Bankruptcy Law Book with Gavel


Pytte Law May 30, 2022

Although bankruptcy filings were down due to pandemic-related stimulus payments and extremely low interest rates, more than 21,000 individuals and businesses filed for bankruptcy in Georgia in 2021. The state is consistently ranked among the top three states in bankruptcy filings per capita. Particularly for the 20% of filers nationwide who are ages 55 and older, what happens to retirement accounts in bankruptcy is a major concern.

If you have saved for retirement but find yourself otherwise unable to keep up with your debt, you are smart to consider what happens to your retirement income if you file for Chapter 7 bankruptcy or Chapter 13 bankruptcy relief. You are also wise to talk to Pytte Law about your particular situation. 

If you live in Savannah, Hinesville, Ludowici, Richmond Hill, Statesboro, or anywhere else in Georgia, reach out to me to start exploring your options for bankruptcy and retirement.  We’ll get started on a path forward for you and your finances. 

Are Retirement Accounts Protected in Bankruptcy?

Most retirement accounts are fully protected in bankruptcy, under both federal and Georgia exemptions. This includes 401(k), 401(b), Keoghs, profit-sharing, money-purchase, and defined-benefit plans. It also includes traditional and Roth IRAs, although protection is currently capped at $1,512,350 per person under federal and Georgia exemptions. That means the bankruptcy trustee could use amounts over the cap to repay creditors.

Social Security benefits are also protected in bankruptcy unless your monthly or lump-sum payments are commingled in a bank account with other funds. In advance of filing for bankruptcy, you should talk to your bankruptcy attorney about taking any steps necessary to protect these benefits.

There are other retirement benefits protected in bankruptcy, including military and government pension accounts. Again, it’s best to consult with your attorney to discuss your specific benefits if you are considering bankruptcy.

When Might My Retirement
Account Not Be Protected?

The preceding types of retirement accounts fall under the Employee Retirement Income Security Act (ERISA) which protects individuals who voluntarily contribute to retirement plans, usually through an employer. However, not everything you might be counting on to use in retirement is protected. Savings accounts, stock-option plans, and other investment accounts are not protected unless they’re ERISA-qualified.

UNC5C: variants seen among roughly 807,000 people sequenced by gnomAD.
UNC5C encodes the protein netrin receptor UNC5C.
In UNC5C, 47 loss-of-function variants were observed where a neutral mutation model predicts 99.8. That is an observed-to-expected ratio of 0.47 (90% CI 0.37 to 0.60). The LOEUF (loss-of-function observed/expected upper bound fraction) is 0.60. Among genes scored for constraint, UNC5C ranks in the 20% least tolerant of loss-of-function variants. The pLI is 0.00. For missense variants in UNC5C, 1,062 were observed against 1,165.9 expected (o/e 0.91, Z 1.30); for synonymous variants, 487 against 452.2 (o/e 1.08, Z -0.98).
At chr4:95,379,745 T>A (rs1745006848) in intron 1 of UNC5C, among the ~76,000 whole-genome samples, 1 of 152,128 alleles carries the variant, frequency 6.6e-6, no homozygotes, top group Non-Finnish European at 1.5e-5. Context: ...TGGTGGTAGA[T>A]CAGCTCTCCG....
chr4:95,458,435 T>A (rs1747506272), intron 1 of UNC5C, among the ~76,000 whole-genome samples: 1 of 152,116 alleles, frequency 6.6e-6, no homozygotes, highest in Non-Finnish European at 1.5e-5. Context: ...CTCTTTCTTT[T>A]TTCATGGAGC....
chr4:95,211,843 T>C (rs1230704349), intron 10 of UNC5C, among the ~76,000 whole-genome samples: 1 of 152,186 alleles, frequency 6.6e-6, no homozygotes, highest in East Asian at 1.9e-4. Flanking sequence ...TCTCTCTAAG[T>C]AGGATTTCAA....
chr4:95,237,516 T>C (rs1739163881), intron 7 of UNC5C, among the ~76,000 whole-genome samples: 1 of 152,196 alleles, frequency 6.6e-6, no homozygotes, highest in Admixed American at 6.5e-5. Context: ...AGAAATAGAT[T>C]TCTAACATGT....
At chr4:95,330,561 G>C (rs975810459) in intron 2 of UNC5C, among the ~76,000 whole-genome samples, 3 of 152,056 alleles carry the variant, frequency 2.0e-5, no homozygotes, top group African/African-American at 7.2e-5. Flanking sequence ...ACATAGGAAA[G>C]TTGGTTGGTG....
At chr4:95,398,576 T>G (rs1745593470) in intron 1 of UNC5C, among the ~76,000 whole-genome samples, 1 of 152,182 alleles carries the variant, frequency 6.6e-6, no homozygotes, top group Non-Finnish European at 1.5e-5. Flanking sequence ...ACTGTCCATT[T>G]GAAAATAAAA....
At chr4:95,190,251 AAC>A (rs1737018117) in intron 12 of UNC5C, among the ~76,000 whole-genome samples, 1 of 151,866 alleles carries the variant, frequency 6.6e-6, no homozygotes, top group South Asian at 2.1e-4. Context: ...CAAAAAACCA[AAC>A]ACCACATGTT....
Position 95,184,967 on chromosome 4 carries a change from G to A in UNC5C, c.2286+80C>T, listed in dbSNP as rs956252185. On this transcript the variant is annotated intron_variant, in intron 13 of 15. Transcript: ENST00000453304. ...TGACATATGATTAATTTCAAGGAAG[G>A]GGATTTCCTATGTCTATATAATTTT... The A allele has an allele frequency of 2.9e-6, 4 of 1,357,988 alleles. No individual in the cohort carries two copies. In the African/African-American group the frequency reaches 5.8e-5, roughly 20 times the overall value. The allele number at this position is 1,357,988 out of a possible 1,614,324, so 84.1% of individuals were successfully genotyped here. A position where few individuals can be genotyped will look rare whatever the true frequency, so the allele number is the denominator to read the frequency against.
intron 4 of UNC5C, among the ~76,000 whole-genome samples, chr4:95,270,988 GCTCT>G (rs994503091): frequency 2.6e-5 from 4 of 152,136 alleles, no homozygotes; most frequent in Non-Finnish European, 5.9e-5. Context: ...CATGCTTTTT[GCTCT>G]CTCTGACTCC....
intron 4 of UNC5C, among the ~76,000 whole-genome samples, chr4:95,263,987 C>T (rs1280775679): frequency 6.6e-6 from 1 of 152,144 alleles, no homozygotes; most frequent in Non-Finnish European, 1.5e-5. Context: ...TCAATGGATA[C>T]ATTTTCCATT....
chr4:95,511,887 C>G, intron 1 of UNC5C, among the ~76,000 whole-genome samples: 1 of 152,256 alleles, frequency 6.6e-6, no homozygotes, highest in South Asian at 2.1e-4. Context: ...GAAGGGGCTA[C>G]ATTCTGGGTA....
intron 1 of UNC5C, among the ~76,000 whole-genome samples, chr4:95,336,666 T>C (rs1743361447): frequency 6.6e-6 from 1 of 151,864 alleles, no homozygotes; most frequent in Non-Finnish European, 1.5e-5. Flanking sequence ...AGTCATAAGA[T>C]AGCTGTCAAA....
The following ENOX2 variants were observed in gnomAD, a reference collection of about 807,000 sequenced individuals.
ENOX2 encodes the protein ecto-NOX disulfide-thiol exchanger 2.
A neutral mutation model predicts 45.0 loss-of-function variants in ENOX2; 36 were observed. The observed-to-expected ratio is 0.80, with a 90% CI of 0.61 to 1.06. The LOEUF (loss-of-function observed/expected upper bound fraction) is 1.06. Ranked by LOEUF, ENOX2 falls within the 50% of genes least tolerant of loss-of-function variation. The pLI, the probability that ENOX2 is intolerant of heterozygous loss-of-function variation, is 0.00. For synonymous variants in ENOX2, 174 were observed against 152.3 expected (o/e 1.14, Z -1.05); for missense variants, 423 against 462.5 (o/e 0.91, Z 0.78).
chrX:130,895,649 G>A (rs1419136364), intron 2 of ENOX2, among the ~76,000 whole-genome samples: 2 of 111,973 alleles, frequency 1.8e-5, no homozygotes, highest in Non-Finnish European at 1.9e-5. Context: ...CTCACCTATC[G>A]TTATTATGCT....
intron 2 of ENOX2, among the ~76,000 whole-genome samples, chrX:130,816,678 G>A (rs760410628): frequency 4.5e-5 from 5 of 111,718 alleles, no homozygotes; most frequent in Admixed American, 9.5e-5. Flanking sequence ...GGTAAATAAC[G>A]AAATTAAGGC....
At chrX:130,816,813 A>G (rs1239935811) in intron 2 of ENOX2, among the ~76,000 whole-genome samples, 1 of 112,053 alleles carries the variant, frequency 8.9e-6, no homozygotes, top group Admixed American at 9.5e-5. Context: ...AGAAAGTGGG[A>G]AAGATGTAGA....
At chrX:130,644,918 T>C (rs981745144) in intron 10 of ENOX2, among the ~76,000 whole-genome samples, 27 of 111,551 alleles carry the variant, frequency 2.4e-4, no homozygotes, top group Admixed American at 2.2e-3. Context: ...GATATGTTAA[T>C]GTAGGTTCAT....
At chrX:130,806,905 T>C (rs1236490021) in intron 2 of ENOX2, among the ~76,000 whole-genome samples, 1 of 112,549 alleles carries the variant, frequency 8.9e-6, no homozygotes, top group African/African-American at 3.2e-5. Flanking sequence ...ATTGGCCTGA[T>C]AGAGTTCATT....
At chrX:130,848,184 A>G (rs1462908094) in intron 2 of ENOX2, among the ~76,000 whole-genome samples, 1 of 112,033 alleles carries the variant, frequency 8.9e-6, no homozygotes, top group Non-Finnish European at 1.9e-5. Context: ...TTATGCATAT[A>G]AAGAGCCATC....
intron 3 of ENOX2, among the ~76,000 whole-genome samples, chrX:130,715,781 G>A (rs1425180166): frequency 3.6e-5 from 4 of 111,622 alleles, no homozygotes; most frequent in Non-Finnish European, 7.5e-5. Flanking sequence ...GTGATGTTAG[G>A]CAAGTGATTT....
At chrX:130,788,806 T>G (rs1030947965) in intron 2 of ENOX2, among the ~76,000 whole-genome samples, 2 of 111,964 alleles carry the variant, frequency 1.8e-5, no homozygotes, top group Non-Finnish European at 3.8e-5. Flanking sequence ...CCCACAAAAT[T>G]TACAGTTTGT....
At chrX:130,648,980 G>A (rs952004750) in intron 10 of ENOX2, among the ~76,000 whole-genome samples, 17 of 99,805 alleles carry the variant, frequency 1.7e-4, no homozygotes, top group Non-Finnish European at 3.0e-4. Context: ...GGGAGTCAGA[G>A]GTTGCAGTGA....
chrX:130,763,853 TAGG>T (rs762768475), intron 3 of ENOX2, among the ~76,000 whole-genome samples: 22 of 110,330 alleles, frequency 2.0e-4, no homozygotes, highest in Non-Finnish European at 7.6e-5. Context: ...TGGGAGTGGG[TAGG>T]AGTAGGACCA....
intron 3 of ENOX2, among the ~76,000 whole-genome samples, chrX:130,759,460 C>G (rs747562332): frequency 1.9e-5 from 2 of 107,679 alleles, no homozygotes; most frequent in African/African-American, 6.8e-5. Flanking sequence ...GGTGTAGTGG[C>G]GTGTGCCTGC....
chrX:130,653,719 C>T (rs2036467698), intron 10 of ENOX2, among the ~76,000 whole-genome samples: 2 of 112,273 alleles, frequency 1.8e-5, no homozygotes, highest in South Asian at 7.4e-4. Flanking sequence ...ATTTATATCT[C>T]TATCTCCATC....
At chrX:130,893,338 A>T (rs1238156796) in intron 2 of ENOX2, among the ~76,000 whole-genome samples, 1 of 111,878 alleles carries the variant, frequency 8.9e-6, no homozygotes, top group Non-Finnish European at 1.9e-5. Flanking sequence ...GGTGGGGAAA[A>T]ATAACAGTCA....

You should also know that the federal and state cap on protected IRAs is updated every three years. The current limit of $1,512,350 is valid for bankruptcy cases filed between April 1, 2022, and April 1, 2025.

What If I’m Drawing My Retirement Benefits Now?

If you are already receiving retirement benefits, it is now considered income which is calculated in Chapter 7 and Chapter 13 bankruptcy. Chapter 7 bankruptcy, which fully discharges your debt, is only an option for people earning under a certain amount of money per year. Although income does not include the Social Security benefits you are receiving, it does include other retirement benefits.

In Chapter 13 bankruptcy, your debt is restructured, and you repay it over a three- to five-year period using all disposable income. That is any income you receive above and beyond what you need to pay your basic living expenses during the repayment period, which includes any retirement income you’re drawing on (except for Social Security). 

How Pytte Law Can Help

How bankruptcy affects your hard-earned retirement—whether you are saving it for the future or drawing on it now—is an important consideration when contemplating bankruptcy. However, since most retirement is protected in bankruptcy, you should probably avoid the temptation to cash out early to repay debt, unless doing so would give you the same fresh start as bankruptcy. These are crucial decisions for you and your future, not ones you should make without the benefit of talking to a bankruptcy attorney first. There is no reason why you should make such choices without fully understanding all the implications. 

At Pytte Law, I am here to provide you with the guidance and information you need to make fully informed decisions. If you live in or around Savannah, Georgia, as well as Chatham County, Liberty County, Bryan County, Effingham County, and the rest of the state, call my office to schedule a consultation.